Neo Nazis, Alt-Right, and White Supremacists encircle counter protestors at the base of a statue of Thomas Jefferson after marching through the University of Virginia campus with torches in Charlottesville, Va., USA on August 11, 2017.
Shay Horse—NurPhoto / Getty Images
By Sarah Begley
February 21, 2018

President Donald Trump’s first year in office was marked by an increase in both white supremacist groups, as well as a backlash in the growth of black nationalist groups, according to a new report Wednesday by an organization that closely tracks what it defines as hate groups.

“This has been a year that has seen increasing divisiveness and bigotry, particularly in the mainstream of American life,” said Heidi Beirich, who directs the Intelligence Project at the Southern Poverty Law Center. “There has been a substantial emboldening of the radical right, and that is largely due to the actions of President Trump, who has tweeted out hate materials and made light of the threat to our society posed by hate groups. This was most notable in his comments after Charlottesville, where he equivocated between anti-racist protesters and white supremacists — and that was an event that left one anti-racist activist dead.”

The SPLC, whose annual Year in Hate report is watched closely by advocates and media organizations, defines a hate group as an organization that “has beliefs or practices that attack or malign an entire class of people, typically for their immutable characteristics,” such as race, ethnicity, faith, gender and sexual identities. These groups must have engaged in some sort of activity in 2017 to qualify, such as holding rallies, meetings or protests.

In a call with reporters Wednesday, Beirich said that the overall number of hate groups as defined by SPLC had increased 4% from 2016 to 2017, to a total of 954. The number of Neo-Nazi groups grew from 99 to 121; anti-Muslim groups from 101 to 114; and anti-immigrant groups from 14 to 22.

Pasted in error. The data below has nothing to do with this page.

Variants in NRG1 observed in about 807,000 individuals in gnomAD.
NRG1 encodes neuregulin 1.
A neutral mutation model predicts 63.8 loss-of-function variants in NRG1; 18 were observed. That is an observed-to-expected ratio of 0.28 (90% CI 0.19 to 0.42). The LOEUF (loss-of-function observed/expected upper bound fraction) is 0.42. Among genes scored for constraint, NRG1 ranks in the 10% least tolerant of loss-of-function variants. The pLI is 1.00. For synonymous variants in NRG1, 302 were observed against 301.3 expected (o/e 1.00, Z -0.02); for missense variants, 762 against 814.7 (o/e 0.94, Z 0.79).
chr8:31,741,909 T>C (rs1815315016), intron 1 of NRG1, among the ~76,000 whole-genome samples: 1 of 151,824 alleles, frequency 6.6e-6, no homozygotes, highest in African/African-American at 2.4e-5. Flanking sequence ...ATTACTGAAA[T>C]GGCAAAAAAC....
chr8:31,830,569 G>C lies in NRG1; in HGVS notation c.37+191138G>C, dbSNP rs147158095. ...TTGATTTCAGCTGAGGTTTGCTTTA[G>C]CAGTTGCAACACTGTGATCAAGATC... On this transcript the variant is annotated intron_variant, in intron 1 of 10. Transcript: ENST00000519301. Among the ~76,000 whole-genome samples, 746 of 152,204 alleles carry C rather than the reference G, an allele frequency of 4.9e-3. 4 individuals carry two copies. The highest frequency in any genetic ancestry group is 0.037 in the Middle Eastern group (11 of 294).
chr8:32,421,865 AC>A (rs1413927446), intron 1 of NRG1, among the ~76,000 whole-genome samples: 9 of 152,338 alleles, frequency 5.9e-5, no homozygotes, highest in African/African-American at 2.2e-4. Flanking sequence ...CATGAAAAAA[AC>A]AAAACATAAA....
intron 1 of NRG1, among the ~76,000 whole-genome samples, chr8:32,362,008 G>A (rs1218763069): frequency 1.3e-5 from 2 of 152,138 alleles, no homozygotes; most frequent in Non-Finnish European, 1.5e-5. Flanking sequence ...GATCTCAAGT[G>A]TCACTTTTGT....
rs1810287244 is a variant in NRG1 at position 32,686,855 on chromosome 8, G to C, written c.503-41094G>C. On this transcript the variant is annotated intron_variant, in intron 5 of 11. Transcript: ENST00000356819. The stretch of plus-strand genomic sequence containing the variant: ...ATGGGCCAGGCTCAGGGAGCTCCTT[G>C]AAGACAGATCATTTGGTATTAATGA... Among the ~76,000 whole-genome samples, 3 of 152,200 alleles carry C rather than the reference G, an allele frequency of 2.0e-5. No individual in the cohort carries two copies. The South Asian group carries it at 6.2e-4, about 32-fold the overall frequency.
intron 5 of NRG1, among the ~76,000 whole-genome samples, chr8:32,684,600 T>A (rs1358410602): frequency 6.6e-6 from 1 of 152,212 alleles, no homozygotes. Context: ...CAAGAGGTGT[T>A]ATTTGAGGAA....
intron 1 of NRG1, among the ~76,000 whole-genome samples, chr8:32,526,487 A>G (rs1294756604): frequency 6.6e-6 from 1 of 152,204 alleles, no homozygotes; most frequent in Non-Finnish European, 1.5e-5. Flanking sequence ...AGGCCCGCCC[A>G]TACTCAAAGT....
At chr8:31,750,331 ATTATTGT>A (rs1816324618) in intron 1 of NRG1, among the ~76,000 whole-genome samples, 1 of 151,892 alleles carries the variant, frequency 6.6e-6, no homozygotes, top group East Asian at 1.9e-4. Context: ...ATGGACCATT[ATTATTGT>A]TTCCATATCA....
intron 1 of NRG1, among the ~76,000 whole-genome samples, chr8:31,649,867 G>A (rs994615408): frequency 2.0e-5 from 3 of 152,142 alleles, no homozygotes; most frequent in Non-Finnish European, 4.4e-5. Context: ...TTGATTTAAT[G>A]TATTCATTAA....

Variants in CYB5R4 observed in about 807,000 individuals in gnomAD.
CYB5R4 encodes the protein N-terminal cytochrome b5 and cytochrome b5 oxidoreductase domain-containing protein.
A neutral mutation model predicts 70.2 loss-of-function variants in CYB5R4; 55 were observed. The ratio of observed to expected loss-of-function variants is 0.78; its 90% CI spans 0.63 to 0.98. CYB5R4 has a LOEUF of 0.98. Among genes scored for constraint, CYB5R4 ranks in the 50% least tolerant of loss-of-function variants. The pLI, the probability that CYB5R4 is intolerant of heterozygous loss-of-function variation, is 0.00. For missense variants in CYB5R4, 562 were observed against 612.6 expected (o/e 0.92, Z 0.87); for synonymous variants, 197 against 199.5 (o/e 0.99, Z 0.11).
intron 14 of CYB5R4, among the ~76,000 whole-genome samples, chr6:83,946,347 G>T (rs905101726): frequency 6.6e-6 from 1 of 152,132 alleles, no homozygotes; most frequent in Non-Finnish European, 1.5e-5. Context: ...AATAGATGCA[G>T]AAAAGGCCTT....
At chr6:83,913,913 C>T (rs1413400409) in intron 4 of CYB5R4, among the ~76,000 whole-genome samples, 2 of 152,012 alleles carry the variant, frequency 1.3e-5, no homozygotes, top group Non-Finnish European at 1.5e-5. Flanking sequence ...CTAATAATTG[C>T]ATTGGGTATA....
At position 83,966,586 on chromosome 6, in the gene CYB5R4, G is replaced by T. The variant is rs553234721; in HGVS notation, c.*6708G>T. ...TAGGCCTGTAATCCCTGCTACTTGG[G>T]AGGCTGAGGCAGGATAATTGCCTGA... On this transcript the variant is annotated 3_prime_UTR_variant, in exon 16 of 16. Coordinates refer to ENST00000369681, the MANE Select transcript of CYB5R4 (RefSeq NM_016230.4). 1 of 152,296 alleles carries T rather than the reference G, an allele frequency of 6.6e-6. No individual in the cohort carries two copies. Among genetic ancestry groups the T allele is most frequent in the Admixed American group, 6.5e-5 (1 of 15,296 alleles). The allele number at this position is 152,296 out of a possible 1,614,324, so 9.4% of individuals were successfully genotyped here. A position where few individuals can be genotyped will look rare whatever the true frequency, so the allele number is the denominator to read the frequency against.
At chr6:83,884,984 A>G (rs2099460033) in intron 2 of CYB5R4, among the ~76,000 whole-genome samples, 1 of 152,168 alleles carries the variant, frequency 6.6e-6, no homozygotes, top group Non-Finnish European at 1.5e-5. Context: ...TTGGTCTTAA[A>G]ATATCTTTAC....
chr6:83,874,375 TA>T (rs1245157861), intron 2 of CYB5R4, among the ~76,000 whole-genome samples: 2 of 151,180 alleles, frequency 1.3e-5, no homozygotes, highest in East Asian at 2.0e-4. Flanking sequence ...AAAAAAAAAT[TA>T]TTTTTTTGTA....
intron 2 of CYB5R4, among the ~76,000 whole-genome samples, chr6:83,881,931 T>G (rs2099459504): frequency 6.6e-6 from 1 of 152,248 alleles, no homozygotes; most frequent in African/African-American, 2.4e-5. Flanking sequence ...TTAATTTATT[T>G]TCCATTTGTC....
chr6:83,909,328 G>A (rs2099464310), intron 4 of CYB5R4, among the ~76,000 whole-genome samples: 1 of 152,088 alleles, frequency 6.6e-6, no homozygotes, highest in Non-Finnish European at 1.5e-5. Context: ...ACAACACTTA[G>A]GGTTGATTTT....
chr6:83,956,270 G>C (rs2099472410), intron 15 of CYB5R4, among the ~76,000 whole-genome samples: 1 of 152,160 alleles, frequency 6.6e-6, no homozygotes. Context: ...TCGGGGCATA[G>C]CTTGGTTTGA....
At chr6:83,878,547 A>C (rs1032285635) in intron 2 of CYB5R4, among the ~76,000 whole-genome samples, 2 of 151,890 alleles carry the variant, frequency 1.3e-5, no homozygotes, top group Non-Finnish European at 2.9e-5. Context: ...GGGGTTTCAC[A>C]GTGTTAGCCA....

At the same time, the number of black nationalist groups grew from 193 to 233. These organizations are “broadly anti-Semitic, anti-white, and usually anti-LGBT,” Beirich said. She noted that such groups have usually grown in number in response to rising white supremacy. These groups are “taking advantage of rising racism in the mainstream… as ways to attract people to their movement,” Beirich said.

While black nationalist hate groups as defined by SPLC are usually “fringe groups with no connection to political power,” Beirich said white nationalists have been emboldened by their connection to Trump administration figures who have expressed sympathy for their causes. “Trump has brought them into the political system in a way that hasn’t happened in decades,” Beirich said.

The SPLC also counted an increase in anti-government hate groups from 623 to 689. Such groups, Beirich said, “believe crazy conspiracy theories, like [that] Obama was going to round up gun owners and put them in concentration camps. Within this category, heavily armed groups increased from 165 to 273, according to SPLC.

The number of Ku Klux Klan groups fell from 130 to 72, something Beirich attributed to younger white nationalist Americans not connecting with the Klan. “It’s just extremely old-school and I think, honestly, weird to them,” she said. The younger generation is is “trying to change that image. They’re trying to change it into this more clean-cut look. And I think that’s really hurting Klan recruitment.”

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